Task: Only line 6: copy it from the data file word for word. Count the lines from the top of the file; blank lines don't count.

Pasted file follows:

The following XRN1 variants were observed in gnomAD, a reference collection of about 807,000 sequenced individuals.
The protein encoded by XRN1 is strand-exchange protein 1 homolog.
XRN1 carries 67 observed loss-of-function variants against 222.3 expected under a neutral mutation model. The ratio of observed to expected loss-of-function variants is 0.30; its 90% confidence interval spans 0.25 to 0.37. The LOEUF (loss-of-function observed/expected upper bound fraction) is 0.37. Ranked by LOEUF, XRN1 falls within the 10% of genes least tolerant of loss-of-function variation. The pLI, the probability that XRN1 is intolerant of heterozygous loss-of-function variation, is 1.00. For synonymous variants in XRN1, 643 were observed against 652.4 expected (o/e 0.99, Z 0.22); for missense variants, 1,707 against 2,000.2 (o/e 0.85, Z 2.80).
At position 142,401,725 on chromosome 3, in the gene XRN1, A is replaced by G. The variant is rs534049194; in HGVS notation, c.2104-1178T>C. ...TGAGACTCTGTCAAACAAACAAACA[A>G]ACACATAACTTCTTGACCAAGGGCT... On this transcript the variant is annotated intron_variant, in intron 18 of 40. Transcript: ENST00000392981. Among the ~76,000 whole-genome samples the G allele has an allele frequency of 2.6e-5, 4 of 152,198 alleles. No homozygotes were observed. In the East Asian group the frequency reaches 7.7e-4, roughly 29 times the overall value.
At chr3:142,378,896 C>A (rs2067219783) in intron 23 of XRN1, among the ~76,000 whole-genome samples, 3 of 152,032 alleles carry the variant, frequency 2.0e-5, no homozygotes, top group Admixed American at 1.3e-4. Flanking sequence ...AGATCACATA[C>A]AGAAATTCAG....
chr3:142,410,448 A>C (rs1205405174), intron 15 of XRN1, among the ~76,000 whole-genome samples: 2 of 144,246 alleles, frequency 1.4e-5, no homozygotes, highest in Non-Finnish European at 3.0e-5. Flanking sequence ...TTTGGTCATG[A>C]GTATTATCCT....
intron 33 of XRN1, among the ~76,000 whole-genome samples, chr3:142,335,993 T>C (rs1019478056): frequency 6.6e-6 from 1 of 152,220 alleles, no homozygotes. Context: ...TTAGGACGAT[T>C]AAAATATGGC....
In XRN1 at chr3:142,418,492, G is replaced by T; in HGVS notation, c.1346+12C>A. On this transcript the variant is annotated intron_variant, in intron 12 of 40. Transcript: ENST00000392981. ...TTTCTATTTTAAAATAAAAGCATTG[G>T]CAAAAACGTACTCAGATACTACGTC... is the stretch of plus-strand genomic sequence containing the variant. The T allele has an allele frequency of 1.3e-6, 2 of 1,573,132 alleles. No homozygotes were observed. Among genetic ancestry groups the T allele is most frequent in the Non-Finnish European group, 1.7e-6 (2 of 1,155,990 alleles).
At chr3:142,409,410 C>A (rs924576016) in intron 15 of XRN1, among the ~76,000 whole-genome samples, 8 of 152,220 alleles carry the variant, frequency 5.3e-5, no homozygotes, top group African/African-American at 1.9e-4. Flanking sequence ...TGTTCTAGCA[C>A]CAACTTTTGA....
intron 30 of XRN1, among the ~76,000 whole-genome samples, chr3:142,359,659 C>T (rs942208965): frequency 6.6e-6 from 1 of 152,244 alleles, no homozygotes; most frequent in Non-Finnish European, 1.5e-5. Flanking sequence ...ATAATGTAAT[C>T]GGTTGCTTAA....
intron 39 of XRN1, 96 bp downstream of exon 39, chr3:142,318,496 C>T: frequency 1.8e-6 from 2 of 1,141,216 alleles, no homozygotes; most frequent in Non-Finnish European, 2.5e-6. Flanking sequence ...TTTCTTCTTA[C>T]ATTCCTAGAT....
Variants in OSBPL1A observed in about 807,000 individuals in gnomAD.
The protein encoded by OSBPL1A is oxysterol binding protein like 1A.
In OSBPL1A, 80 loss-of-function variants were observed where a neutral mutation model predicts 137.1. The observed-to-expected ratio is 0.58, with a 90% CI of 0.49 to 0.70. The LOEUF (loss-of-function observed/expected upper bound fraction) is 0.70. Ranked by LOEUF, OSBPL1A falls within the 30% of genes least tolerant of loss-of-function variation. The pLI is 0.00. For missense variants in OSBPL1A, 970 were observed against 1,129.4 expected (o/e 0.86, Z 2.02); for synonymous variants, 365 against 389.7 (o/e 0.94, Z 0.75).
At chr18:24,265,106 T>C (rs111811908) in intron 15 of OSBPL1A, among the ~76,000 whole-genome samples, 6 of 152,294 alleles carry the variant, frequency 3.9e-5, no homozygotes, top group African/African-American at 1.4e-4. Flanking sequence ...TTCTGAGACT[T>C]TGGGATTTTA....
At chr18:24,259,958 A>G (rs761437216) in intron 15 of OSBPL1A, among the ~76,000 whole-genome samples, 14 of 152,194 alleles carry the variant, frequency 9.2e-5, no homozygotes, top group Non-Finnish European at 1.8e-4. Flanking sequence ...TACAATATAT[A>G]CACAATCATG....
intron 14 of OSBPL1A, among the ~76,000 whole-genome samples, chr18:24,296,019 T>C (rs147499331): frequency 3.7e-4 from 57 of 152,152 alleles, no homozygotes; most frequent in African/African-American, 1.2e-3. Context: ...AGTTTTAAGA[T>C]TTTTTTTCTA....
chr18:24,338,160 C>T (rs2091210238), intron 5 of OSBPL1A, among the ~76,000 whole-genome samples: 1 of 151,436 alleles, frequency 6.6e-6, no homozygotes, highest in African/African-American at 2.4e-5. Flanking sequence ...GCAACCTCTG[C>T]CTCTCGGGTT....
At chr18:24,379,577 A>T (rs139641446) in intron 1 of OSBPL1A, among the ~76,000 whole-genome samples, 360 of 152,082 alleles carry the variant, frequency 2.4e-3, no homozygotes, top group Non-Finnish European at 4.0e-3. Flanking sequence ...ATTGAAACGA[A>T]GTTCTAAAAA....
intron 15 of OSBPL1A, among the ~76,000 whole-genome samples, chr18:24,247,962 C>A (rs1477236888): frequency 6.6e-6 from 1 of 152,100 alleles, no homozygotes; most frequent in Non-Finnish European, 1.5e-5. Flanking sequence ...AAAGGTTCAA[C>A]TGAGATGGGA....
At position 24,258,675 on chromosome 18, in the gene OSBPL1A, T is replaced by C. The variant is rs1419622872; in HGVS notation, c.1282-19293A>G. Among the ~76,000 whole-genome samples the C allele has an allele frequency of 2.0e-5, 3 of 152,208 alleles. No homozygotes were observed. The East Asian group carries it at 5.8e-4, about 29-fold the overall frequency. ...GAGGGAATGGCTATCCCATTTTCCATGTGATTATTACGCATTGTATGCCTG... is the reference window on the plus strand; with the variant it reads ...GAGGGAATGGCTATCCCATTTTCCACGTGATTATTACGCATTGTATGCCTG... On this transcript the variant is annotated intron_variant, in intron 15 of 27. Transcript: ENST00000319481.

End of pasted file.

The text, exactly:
chr3:142,410,448 A>C (rs1205405174), intron 15 of XRN1, among the ~76,000 whole-genome samples: 2 of 144,246 alleles, frequency 1.4e-5, no homozygotes, highest in Non-Finnish European at 3.0e-5. Flanking sequence ...TTTGGTCATG[A>C]GTATTATCCT....